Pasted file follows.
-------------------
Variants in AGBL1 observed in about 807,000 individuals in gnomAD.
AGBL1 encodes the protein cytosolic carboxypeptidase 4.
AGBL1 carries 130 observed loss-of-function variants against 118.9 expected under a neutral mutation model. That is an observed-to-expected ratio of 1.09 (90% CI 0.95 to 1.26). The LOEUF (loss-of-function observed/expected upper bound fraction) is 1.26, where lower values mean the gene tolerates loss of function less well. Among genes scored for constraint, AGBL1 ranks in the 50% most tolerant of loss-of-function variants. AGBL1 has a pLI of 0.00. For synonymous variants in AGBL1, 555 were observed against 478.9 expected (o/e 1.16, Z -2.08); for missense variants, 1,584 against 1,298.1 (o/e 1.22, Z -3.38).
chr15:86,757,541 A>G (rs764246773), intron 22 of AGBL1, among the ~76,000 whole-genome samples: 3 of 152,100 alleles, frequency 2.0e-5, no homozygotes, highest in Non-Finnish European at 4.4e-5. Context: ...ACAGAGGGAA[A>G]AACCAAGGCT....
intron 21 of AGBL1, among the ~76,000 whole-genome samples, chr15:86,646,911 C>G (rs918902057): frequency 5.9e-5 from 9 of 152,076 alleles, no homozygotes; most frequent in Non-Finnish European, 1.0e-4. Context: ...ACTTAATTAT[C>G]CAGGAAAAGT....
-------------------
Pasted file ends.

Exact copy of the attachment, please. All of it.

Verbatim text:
Variants in AGBL1 observed in about 807,000 individuals in gnomAD.
AGBL1 encodes the protein cytosolic carboxypeptidase 4.
AGBL1 carries 130 observed loss-of-function variants against 118.9 expected under a neutral mutation model. That is an observed-to-expected ratio of 1.09 (90% CI 0.95 to 1.26). The LOEUF (loss-of-function observed/expected upper bound fraction) is 1.26, where lower values mean the gene tolerates loss of function less well. Among genes scored for constraint, AGBL1 ranks in the 50% most tolerant of loss-of-function variants. AGBL1 has a pLI of 0.00. For synonymous variants in AGBL1, 555 were observed against 478.9 expected (o/e 1.16, Z -2.08); for missense variants, 1,584 against 1,298.1 (o/e 1.22, Z -3.38).
chr15:86,757,541 A>G (rs764246773), intron 22 of AGBL1, among the ~76,000 whole-genome samples: 3 of 152,100 alleles, frequency 2.0e-5, no homozygotes, highest in Non-Finnish European at 4.4e-5. Context: ...ACAGAGGGAA[A>G]AACCAAGGCT....
intron 21 of AGBL1, among the ~76,000 whole-genome samples, chr15:86,646,911 C>G (rs918902057): frequency 5.9e-5 from 9 of 152,076 alleles, no homozygotes; most frequent in Non-Finnish European, 1.0e-4. Context: ...ACTTAATTAT[C>G]CAGGAAAAGT....